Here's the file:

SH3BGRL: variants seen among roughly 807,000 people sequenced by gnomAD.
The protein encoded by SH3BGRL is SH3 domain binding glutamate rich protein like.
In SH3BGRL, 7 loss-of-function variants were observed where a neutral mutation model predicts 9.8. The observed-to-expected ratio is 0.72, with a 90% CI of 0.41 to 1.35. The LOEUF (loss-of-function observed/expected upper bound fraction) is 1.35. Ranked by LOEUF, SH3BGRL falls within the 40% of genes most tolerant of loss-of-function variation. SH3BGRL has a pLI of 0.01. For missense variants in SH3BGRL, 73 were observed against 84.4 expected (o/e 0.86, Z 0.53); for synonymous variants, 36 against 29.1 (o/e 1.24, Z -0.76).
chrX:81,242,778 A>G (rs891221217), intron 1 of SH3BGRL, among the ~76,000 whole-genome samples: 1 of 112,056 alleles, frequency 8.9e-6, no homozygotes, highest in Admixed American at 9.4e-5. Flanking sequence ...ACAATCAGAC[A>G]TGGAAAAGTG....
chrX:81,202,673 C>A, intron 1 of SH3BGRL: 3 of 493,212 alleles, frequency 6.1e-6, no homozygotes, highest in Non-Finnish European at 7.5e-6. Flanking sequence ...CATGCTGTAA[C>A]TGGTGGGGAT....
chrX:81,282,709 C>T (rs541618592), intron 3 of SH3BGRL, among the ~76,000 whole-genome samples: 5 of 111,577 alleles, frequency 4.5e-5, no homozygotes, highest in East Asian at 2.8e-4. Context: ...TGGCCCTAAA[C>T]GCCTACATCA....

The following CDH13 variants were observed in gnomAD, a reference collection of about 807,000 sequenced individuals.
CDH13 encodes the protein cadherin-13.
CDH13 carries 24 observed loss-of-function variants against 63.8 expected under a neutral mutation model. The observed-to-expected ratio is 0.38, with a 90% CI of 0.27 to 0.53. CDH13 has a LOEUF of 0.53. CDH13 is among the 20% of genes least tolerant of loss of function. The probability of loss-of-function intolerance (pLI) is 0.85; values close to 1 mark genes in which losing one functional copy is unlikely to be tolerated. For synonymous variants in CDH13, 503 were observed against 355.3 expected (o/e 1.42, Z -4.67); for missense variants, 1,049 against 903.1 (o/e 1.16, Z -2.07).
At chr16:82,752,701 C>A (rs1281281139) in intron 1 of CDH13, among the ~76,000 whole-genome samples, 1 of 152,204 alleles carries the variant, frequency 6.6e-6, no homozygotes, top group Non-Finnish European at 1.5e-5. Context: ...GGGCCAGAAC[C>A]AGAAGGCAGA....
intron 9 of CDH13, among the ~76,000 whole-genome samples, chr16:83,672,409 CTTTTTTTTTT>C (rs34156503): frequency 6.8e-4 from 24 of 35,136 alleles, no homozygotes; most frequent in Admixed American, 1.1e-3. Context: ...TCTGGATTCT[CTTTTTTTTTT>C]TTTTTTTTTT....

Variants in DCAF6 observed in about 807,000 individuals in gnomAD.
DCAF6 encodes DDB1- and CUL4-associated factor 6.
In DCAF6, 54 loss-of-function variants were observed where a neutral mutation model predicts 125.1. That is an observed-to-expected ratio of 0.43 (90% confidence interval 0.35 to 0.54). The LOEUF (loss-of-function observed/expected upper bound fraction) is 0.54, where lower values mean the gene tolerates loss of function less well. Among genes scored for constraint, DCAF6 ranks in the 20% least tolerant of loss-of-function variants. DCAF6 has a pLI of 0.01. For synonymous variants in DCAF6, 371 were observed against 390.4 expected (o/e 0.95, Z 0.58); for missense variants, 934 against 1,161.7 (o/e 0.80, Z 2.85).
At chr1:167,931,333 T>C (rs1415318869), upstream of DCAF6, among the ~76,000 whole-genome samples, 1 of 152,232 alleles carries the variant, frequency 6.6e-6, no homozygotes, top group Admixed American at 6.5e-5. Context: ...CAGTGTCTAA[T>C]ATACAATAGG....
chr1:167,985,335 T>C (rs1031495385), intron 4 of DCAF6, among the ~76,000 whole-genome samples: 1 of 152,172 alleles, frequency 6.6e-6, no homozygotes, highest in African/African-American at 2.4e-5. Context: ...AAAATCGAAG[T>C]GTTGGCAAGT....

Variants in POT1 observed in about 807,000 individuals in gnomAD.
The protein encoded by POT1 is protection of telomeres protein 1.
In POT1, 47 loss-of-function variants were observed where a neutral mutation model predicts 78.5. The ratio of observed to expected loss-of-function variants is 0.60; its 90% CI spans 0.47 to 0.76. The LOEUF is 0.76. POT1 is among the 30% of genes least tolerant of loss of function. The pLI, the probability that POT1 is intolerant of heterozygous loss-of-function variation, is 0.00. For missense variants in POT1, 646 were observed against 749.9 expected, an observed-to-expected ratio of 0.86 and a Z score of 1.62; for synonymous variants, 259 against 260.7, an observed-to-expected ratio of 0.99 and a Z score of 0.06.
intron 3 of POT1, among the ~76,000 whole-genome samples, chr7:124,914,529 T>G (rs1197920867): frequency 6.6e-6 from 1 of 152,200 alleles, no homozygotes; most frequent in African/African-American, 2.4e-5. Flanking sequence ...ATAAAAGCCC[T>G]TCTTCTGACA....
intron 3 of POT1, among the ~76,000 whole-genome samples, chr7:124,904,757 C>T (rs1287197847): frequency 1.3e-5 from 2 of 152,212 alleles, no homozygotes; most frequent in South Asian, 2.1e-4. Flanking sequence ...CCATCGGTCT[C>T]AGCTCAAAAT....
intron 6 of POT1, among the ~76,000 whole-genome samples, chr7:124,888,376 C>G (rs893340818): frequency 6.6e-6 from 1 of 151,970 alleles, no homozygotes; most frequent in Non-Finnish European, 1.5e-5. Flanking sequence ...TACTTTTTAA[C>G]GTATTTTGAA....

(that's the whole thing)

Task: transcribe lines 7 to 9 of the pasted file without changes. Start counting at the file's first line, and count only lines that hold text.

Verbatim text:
The following CDH13 variants were observed in gnomAD, a reference collection of about 807,000 sequenced individuals.
CDH13 encodes the protein cadherin-13.
CDH13 carries 24 observed loss-of-function variants against 63.8 expected under a neutral mutation model. The observed-to-expected ratio is 0.38, with a 90% CI of 0.27 to 0.53. CDH13 has a LOEUF of 0.53. CDH13 is among the 20% of genes least tolerant of loss of function. The probability of loss-of-function intolerance (pLI) is 0.85; values close to 1 mark genes in which losing one functional copy is unlikely to be tolerated. For synonymous variants in CDH13, 503 were observed against 355.3 expected (o/e 1.42, Z -4.67); for missense variants, 1,049 against 903.1 (o/e 1.16, Z -2.07).